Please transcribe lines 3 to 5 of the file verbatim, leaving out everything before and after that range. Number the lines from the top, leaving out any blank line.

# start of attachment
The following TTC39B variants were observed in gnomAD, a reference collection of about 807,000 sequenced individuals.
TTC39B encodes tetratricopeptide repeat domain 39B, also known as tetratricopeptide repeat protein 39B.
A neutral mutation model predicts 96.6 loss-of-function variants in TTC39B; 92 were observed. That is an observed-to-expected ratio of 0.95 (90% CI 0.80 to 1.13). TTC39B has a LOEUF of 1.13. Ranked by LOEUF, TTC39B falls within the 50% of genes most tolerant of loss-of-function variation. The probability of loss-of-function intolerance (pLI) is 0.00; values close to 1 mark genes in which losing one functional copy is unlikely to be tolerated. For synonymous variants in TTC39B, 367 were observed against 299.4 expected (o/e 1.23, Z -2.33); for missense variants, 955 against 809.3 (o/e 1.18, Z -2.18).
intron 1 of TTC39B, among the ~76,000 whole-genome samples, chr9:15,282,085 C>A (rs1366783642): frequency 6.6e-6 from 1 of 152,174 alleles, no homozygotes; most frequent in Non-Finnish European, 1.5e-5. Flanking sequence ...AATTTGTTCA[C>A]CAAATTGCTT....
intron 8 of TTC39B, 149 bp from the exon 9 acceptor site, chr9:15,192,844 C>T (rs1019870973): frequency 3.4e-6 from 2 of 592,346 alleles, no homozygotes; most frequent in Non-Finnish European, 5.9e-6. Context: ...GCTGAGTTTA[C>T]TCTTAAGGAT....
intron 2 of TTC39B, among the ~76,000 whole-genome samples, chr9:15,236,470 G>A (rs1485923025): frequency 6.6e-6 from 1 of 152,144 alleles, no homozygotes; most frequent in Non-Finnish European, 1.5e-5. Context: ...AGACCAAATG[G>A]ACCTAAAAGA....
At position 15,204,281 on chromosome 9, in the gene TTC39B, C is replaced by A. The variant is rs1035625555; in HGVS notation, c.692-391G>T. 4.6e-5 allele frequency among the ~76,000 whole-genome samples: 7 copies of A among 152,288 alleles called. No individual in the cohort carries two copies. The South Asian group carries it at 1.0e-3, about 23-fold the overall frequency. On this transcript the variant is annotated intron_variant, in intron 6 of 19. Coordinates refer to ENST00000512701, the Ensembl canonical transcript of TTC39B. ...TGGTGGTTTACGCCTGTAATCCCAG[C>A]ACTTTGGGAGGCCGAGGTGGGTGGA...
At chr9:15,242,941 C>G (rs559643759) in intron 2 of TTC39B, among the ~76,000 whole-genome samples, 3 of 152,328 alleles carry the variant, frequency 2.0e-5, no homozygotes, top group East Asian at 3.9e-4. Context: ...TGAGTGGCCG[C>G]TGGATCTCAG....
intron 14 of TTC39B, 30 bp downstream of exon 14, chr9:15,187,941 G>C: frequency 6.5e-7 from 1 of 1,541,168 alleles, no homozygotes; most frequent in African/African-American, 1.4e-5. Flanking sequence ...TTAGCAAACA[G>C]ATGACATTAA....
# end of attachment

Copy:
A neutral mutation model predicts 96.6 loss-of-function variants in TTC39B; 92 were observed. That is an observed-to-expected ratio of 0.95 (90% CI 0.80 to 1.13). TTC39B has a LOEUF of 1.13. Ranked by LOEUF, TTC39B falls within the 50% of genes most tolerant of loss-of-function variation. The probability of loss-of-function intolerance (pLI) is 0.00; values close to 1 mark genes in which losing one functional copy is unlikely to be tolerated. For synonymous variants in TTC39B, 367 were observed against 299.4 expected (o/e 1.23, Z -2.33); for missense variants, 955 against 809.3 (o/e 1.18, Z -2.18).
intron 1 of TTC39B, among the ~76,000 whole-genome samples, chr9:15,282,085 C>A (rs1366783642): frequency 6.6e-6 from 1 of 152,174 alleles, no homozygotes; most frequent in Non-Finnish European, 1.5e-5. Flanking sequence ...AATTTGTTCA[C>A]CAAATTGCTT....
intron 8 of TTC39B, 149 bp from the exon 9 acceptor site, chr9:15,192,844 C>T (rs1019870973): frequency 3.4e-6 from 2 of 592,346 alleles, no homozygotes; most frequent in Non-Finnish European, 5.9e-6. Context: ...GCTGAGTTTA[C>T]TCTTAAGGAT....